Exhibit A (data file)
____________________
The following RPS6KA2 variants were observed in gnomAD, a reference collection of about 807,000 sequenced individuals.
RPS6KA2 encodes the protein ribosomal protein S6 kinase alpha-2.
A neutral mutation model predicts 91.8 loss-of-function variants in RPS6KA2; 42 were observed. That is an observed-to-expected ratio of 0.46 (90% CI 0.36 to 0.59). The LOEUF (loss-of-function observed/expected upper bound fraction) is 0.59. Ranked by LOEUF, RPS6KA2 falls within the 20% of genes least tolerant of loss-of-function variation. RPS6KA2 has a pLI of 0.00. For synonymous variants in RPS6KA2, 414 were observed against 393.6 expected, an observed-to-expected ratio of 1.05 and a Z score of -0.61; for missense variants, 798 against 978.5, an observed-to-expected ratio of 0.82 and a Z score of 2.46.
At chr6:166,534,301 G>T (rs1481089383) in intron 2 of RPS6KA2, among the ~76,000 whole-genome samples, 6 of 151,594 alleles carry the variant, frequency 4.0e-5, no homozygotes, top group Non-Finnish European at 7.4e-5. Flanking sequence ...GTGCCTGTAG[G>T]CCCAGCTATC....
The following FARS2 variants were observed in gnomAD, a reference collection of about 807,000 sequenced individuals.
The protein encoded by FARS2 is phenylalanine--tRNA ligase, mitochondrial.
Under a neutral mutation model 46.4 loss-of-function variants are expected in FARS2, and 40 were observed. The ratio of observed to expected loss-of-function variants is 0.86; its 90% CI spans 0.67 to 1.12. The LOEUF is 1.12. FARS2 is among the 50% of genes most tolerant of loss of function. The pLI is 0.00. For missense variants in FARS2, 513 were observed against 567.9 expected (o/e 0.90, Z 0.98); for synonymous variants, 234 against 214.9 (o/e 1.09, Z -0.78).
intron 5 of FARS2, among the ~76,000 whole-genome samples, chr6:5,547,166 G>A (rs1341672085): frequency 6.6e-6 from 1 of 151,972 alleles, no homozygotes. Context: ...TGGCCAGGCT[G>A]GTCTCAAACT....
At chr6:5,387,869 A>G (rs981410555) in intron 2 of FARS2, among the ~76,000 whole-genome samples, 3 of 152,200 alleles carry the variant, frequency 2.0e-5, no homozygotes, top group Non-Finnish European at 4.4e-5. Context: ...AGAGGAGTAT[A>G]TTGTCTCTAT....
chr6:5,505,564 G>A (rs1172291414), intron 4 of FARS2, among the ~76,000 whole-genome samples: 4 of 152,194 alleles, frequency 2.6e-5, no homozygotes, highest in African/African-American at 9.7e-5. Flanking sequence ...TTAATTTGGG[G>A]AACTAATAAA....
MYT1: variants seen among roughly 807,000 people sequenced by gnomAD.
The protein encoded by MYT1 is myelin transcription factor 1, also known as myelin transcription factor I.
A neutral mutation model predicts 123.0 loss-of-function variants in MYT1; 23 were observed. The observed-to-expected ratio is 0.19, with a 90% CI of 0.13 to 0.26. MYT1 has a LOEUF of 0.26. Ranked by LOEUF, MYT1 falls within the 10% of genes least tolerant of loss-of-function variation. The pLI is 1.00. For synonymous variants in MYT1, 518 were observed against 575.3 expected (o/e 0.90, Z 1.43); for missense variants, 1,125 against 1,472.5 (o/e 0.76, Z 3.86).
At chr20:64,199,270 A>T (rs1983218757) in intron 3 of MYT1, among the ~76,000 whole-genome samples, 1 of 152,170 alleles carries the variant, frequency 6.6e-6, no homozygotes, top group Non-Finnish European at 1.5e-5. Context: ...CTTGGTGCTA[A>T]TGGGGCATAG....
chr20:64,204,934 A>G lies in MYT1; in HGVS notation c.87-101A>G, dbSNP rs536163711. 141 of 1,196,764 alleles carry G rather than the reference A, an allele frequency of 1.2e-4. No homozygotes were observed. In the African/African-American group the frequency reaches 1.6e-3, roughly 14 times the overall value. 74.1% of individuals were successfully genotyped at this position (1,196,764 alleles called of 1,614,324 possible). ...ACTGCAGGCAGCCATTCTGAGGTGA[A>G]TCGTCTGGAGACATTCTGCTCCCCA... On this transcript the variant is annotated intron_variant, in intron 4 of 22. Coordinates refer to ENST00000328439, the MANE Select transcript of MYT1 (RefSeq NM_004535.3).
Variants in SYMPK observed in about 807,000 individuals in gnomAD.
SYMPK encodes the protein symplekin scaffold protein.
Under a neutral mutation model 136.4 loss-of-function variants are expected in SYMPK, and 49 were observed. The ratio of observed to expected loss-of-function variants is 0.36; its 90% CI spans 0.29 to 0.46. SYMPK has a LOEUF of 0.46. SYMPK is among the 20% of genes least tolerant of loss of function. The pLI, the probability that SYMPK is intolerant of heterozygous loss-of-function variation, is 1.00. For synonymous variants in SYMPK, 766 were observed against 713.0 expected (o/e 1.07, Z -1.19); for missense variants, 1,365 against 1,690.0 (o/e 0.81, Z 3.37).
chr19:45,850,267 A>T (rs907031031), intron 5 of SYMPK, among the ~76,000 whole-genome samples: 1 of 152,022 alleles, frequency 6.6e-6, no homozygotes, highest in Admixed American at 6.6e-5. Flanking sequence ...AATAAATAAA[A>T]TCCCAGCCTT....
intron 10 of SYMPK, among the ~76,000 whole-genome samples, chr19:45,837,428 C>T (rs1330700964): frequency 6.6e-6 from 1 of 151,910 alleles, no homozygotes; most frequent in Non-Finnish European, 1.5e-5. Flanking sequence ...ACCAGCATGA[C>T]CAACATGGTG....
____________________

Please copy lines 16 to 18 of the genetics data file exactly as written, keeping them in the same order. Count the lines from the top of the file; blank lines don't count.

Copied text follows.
Variants in SYMPK observed in about 807,000 individuals in gnomAD.
SYMPK encodes the protein symplekin scaffold protein.
Under a neutral mutation model 136.4 loss-of-function variants are expected in SYMPK, and 49 were observed. The ratio of observed to expected loss-of-function variants is 0.36; its 90% CI spans 0.29 to 0.46. SYMPK has a LOEUF of 0.46. SYMPK is among the 20% of genes least tolerant of loss of function. The pLI, the probability that SYMPK is intolerant of heterozygous loss-of-function variation, is 1.00. For synonymous variants in SYMPK, 766 were observed against 713.0 expected (o/e 1.07, Z -1.19); for missense variants, 1,365 against 1,690.0 (o/e 0.81, Z 3.37).